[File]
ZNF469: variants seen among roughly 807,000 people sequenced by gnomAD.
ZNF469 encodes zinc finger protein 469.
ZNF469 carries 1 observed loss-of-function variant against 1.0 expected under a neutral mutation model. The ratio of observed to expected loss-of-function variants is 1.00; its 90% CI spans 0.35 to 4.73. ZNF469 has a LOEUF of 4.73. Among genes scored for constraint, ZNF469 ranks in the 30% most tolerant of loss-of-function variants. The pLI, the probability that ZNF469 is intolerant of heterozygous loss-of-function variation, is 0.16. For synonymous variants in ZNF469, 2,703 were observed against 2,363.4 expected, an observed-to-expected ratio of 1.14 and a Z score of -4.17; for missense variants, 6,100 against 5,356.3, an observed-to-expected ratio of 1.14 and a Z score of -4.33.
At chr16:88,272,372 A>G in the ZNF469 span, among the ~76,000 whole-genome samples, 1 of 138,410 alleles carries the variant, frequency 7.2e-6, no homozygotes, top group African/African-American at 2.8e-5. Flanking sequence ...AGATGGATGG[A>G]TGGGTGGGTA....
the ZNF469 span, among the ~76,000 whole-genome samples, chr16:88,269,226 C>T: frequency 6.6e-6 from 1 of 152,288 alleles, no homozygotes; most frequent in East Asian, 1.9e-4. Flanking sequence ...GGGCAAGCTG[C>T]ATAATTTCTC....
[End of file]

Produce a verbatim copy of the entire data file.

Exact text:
ZNF469: variants seen among roughly 807,000 people sequenced by gnomAD.
ZNF469 encodes zinc finger protein 469.
ZNF469 carries 1 observed loss-of-function variant against 1.0 expected under a neutral mutation model. The ratio of observed to expected loss-of-function variants is 1.00; its 90% CI spans 0.35 to 4.73. ZNF469 has a LOEUF of 4.73. Among genes scored for constraint, ZNF469 ranks in the 30% most tolerant of loss-of-function variants. The pLI, the probability that ZNF469 is intolerant of heterozygous loss-of-function variation, is 0.16. For synonymous variants in ZNF469, 2,703 were observed against 2,363.4 expected, an observed-to-expected ratio of 1.14 and a Z score of -4.17; for missense variants, 6,100 against 5,356.3, an observed-to-expected ratio of 1.14 and a Z score of -4.33.
At chr16:88,272,372 A>G in the ZNF469 span, among the ~76,000 whole-genome samples, 1 of 138,410 alleles carries the variant, frequency 7.2e-6, no homozygotes, top group African/African-American at 2.8e-5. Flanking sequence ...AGATGGATGG[A>G]TGGGTGGGTA....
the ZNF469 span, among the ~76,000 whole-genome samples, chr16:88,269,226 C>T: frequency 6.6e-6 from 1 of 152,288 alleles, no homozygotes; most frequent in East Asian, 1.9e-4. Flanking sequence ...GGGCAAGCTG[C>T]ATAATTTCTC....